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Mailing can be easy with the best practices.

Professional mailers use well-developed security practices. The following are some best practices used by the mailing industry and shared with the USPS. These suggestions may not apply to all businesses. Mailing professionals should determine which are appropriate for their company and conduct periodic security reviews of their operation to identify needed improvements. The list below contains general security concepts and a few specific examples of how to accomplish them.

Secure Your Mail & Paper Production Facility
  • Control access to the plant site/work area.

  • Limit facility access to employees, known visitors and escorted visitors.

  • Lock all outside doors. Prohibit doors from being propped open.

  • Require deliveries to be made in a restricted area.

  • Restrict drivers to an area that is separate from the production facilities.

  • Use video cameras inside and outside the facility.


Mail Transportation Security
  • Clean trucks, trailers, and mail transport equipment between shipments.

  • Seal all inbound shipments of supplies. Record the seal number on the bill of lading.

  • Use trucking companies certified by and registered with the U.S. Department of Transportation and are  fully insured.

  • Seal all outbound trailers that move among and between USPS mailer facilities with numbered seals.

  • Record the serial numbers of the seals on the bill of lading and have the driver check them upon arrival.

  • Note on the bill of lading if a shipment arrives with a broken seal, and investigate the shipment.

  • Use systems to track the location and expected time of arrival for all shipments. Investigate any delays.

Mailroom Employee Security
  • Maintain good hiring practices.

  • Perform background checks on all employees prior to hiring.

  • Make exclusive arrangements with one or two temporary employment agencies to ensure that a restricted, pre-screened group of individuals are available when needed to supplement the workforce.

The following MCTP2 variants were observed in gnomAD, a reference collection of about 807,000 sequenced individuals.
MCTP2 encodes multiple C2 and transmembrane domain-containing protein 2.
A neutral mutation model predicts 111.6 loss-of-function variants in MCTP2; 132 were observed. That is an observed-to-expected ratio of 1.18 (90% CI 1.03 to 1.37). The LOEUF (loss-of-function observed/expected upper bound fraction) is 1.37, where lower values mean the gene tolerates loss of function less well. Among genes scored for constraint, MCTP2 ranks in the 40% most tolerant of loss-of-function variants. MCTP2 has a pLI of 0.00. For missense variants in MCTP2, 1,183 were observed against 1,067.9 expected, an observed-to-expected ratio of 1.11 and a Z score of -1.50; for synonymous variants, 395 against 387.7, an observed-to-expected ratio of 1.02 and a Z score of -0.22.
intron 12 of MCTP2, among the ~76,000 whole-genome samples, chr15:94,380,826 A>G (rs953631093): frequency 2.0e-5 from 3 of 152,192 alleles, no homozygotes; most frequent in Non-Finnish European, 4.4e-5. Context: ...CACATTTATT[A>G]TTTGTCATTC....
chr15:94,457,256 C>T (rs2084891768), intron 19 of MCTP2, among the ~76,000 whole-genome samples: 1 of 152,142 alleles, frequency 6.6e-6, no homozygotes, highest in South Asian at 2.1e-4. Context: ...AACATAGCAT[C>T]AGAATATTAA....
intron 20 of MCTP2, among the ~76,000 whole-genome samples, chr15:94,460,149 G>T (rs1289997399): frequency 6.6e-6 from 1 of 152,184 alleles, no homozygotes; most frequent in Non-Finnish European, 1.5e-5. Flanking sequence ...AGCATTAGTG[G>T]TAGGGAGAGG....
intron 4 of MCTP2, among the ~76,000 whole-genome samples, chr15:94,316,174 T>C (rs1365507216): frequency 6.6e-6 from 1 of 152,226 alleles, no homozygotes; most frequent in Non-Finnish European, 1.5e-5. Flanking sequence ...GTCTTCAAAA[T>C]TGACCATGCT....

• Establish an employee identification program.

  • Require employees to wear photo ID badges.

  • Instruct employees to challenge any unknown person in a facility.

  • Provide uniforms with names and logos stitched on them for employees to wear at work. Provide a separate area for personal items (e.g., coats and purses). Prohibit employees from taking personal items into the main  workspace.


Mail Preparation
  • Use tinted stretchwrap around bundles and pallets. The shrinkwrap identifies the mail as coming from a professional mailer and allows for easier detection of tampering.


Mailpiece Design Recommendations
  • Use safety seals and tamper-proof envelopes.

  • Use transparent envelopes.

  • Use closed window envelope rather than open window envelopes.

  • Use a postmark or indicia that matches the city and state of the return address.

  • Use a full return address and recognizable company logo on the outside of mailpieces.

  • Include a contact name and phone number or email address in all correspondence.

  • Discontinue using "handwritten" fonts.

  • Include a toll-free number and web site on the outside of the mailpiece.

  • Use indicia or metered postage instead of live postage stamps.

  • Inspect all pre-printed inserts.

  • Assess use of premiums such as pens and magnets, which make mailpieces lumpy and misshapen  non-machinable USPS equipment.

  • Review production processes to eliminate any substances that could be misidentified as a biohazardous material by employees or customers.



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